Toronto Mike

Ten Canadian Tracks


Throughout the past week, I've been trying to assemble a list of ten songs that collectively epitomize the spirit of Canadian music.  Pruning this list to ten hasn't been easy but I was up to the challenge.

Here are ten Canadian tracks that, to me, represent all that is right with Canadian music.

I'm An Adult Now - The Pursuit of Happiness
I don't think there's a more Toronto song than this one.  This independent single was spun all the time on CFNY in the late 80s and I thought it was the coolest.  Great lyrics, great raw sound and a great story.  TPOH got a record deal and put out the awesome Love Junk, a cassette I played over and over again.  In addition to a more polished version of "I'm An Adult Now", this album had stellar tracks like "She's So Young" and "Hard to Laugh".  Why does this song more than any other remind me of my city?  For a couple of years in my early 20s I worked at Dufferin and Dupont and lived near Yonge and Bloor.  My route to work was a bike ride along Davenport to Dupont, and more often than not I'd see Moe Berg walking that street.  There he was, taking a stroll in his city, and every time I saw him I heard "I'm An Adult Now" in my head.

The Weight - The Band
When Bob Dylan went electric, he called on The Band.  I once heard a great quote attributed to Robbie Robertson when Dylan said he was going electric.  Robertson wondered if there was any other way to go.  "The Weight" is a fantastic single, practically perfect.  This single is proof that Canadian artists are second to none.

Cinnamon Girl - Neil Young
Neil Young is the quintessential Canadian artist.  He's a master of multiple genres, chock full of integrity, and both a critical and commercial success.  "Cinnamon Girl" could be "Heart of Gold", "Down By The River" or "Helpless", but I'm going with "Cinnamon Girl" because it's just grungy enough to earn him the moniker "Godfather of Grunge".  It's the impossible blend of raw elegance and it makes Neil Young not only an essential Canadian artist, but essential, period.

Underwhelmed - Sloan
Following the Seattle explosion in the early 90s, partly inspired by Neil Young's rockers, there was the Halifax explosion led by Sloan.  These four became instant Cancon favourites with "Underwhelmed", another CFNY staple and a song that perfectly captures the slacker mentality of the early 90s.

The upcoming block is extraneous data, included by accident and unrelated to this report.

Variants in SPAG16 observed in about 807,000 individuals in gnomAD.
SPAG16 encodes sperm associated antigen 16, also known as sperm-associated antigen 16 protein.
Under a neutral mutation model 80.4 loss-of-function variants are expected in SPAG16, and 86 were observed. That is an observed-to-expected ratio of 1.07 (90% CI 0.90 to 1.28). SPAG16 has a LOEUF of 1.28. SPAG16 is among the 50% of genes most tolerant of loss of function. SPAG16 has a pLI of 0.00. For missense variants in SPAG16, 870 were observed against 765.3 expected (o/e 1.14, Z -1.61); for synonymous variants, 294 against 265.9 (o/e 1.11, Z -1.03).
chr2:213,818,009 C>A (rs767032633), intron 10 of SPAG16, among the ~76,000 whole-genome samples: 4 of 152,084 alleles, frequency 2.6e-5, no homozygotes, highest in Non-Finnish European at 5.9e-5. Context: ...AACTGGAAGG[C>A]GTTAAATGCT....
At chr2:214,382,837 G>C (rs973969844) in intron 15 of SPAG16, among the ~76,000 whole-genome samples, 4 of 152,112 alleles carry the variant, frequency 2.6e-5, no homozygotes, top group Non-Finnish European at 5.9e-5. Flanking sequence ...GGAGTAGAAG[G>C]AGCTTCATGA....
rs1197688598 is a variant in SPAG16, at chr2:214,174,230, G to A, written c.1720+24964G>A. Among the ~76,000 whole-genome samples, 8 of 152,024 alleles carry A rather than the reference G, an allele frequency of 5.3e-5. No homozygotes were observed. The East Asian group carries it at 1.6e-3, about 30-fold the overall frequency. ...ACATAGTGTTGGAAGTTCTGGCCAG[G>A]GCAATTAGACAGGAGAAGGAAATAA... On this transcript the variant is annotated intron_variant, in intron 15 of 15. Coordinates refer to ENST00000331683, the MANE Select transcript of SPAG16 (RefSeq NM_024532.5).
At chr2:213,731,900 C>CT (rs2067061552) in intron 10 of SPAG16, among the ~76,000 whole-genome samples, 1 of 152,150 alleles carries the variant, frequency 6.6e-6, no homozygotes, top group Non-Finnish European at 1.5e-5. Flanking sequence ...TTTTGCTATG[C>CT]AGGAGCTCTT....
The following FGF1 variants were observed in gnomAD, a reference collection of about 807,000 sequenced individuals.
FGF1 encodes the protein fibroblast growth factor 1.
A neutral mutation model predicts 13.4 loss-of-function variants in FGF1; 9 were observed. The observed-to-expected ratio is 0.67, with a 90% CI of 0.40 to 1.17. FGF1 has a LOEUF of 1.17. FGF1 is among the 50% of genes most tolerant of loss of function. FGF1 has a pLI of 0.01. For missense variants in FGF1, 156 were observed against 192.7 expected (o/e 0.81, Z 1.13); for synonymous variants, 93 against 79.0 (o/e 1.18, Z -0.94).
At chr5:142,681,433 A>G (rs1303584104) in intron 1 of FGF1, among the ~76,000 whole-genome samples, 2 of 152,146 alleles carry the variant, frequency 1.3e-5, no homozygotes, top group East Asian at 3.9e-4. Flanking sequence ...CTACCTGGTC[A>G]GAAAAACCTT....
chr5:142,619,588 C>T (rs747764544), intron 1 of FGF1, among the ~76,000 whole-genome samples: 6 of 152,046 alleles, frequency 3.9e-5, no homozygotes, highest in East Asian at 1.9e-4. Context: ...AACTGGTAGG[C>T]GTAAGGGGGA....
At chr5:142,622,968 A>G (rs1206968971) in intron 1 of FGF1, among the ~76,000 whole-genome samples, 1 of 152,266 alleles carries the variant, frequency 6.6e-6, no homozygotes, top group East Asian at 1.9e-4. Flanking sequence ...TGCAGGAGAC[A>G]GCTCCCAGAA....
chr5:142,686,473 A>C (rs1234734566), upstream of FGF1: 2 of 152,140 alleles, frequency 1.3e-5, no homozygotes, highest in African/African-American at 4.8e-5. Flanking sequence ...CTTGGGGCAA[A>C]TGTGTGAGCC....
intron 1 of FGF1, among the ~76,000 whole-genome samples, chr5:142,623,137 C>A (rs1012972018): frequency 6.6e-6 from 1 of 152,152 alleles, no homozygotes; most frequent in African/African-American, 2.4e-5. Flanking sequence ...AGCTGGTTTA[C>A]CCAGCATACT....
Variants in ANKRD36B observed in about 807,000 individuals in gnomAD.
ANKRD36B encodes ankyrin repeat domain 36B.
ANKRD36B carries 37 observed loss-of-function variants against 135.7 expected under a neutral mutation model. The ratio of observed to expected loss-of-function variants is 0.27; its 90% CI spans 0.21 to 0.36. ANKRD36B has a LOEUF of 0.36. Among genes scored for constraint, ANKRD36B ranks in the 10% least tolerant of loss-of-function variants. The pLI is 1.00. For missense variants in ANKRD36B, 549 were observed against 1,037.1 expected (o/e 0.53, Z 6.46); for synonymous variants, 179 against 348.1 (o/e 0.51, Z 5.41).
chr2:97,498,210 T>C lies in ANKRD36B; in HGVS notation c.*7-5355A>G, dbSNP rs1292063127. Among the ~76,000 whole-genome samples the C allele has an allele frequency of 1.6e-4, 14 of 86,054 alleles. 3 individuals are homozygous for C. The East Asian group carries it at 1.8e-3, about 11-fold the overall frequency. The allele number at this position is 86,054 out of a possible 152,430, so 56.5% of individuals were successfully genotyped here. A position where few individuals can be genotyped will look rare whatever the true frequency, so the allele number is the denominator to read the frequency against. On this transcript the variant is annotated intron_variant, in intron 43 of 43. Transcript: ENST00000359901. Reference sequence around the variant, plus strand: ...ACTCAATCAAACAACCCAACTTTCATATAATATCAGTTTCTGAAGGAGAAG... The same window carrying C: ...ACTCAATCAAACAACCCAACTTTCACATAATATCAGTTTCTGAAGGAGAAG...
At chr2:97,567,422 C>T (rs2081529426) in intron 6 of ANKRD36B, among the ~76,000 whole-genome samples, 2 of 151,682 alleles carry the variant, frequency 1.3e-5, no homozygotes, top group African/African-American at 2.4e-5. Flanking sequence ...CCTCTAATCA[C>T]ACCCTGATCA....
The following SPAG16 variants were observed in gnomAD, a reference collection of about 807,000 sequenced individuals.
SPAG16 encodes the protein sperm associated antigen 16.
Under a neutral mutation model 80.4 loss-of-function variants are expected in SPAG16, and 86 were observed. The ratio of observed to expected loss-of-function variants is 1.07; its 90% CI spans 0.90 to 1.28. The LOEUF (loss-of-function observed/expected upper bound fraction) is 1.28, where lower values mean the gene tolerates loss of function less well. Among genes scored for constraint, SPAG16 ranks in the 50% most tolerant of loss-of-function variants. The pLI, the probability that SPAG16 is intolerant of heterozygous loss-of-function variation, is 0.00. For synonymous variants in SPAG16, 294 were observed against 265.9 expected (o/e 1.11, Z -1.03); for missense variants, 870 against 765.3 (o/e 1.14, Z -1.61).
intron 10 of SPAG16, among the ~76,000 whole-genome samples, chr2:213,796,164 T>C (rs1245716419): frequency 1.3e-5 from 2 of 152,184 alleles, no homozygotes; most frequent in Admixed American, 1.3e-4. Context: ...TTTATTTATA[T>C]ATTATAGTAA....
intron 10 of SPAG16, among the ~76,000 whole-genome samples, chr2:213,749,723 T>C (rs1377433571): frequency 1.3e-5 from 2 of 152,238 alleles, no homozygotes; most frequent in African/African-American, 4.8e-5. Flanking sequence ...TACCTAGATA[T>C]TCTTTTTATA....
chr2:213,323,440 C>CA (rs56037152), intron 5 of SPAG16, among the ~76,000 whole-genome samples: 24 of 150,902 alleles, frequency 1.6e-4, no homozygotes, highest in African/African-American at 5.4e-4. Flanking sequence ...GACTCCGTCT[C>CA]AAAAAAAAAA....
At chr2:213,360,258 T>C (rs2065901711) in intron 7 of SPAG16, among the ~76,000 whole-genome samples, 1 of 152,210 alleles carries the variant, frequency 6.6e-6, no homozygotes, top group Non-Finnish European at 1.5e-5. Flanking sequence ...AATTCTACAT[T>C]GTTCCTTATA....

Try - Blue Rodeo
"Try" might be the polar opposite of "I'm An Adult Now".  They came out at roughly the same time in the late 80s and one was as pretty as the other is raw.  I first heard "Try" during a grade school dance when the DJ played it for a slow number.  It's a stunning composition that sounds as sharp today as it did then.  It was sort of country, but not nearly country enough to repel.  It was just a beautiful song about love from a Toronto band with heart.  It was the epitome of Canada.

Tom Sawyer - Rush
I'm convinced you either love Rush or you hate Rush.  There is no middle ground.  My brothers and wife unanimously despise this band while my heart speeds up and I get goosebumps listening to Alex, Neil and Geddy.  Like Young's "Cinnamon Girl", this could have been "Closer to the Heart", "Spirit of Radio" or "Fly By Night", but "Tom Sawyer" has those keyboards!  Love them or hate them, Rush is the Canadian band that unites us.  I once heard a girl on CBC say Rush was equally loved by all essential elements of Canadian living: hockey fans, farmers and computer geeks.  'Nuff said.

New Orleans is Sinking - The Tragically Hip
This song has been in the news lately for all the wrong reasons, but conduct a poll and you'll learn it's the most popular song from the most Canadian of bands.  The Hip sing about Bill Barilko, Bobby Orr, Bobcaygeon and Toronto.  They're unabashedly Canadian and "New Orleans is Sinking" is their anthem.

Rockin' in the Free World - Neil Young
The Soviet Union was breaking up and the Berlin Wall was coming down.  Meanwhile, Neil Young, a Canadian legend who hadn't made much of a splash since the late 70s, released "Rocking in the Free World".  It became an instant radio hit, a sing-along for 16 year old kids like me and gave Neil back his street cred.  Best Canadian song of the 80s.

American Woman - The Guess Who
Without The Guess Who, would there be The Tragically Hip?  Without The Guess Who, would there be a Rush, a Barenaked Ladies or an Our Lady Peace?  These were the groundbreakers, the frontiersmen.  When "American Woman" shot to the top of the charts, it represented a whole bunch of firsts.  A Canadian band had released a bonafide smash hit that wasn't just awesome because they were from the Prairies but because it rocked.  The Guess Who, with this success, paved the way for the success of Canadian bands to come and got many a youngun to pick up a guitar and jam in the garage on cold winter nights.

Big Yellow Taxi - Joni Mitchell
This song is not only infectious with it's catchy melody but it has a social conscious.  When I think about Canadian music, I think about this combination.  It's appealing to the masses while saying something significant.  Another artist who got her start in Toronto, Mitchell took folk to a whole new level and helped the woman voice in rock get heard.  If you don't like Joni Mitchell, there truly is something wrong.

The last time I shared a list of this nature, I got hit with a bunch of "what about x" and "how could you put y on there" emails.  It's a very subjective list and this is my best crack at it.  If you're up for the challenge, Share your ten with me and I'll post them.

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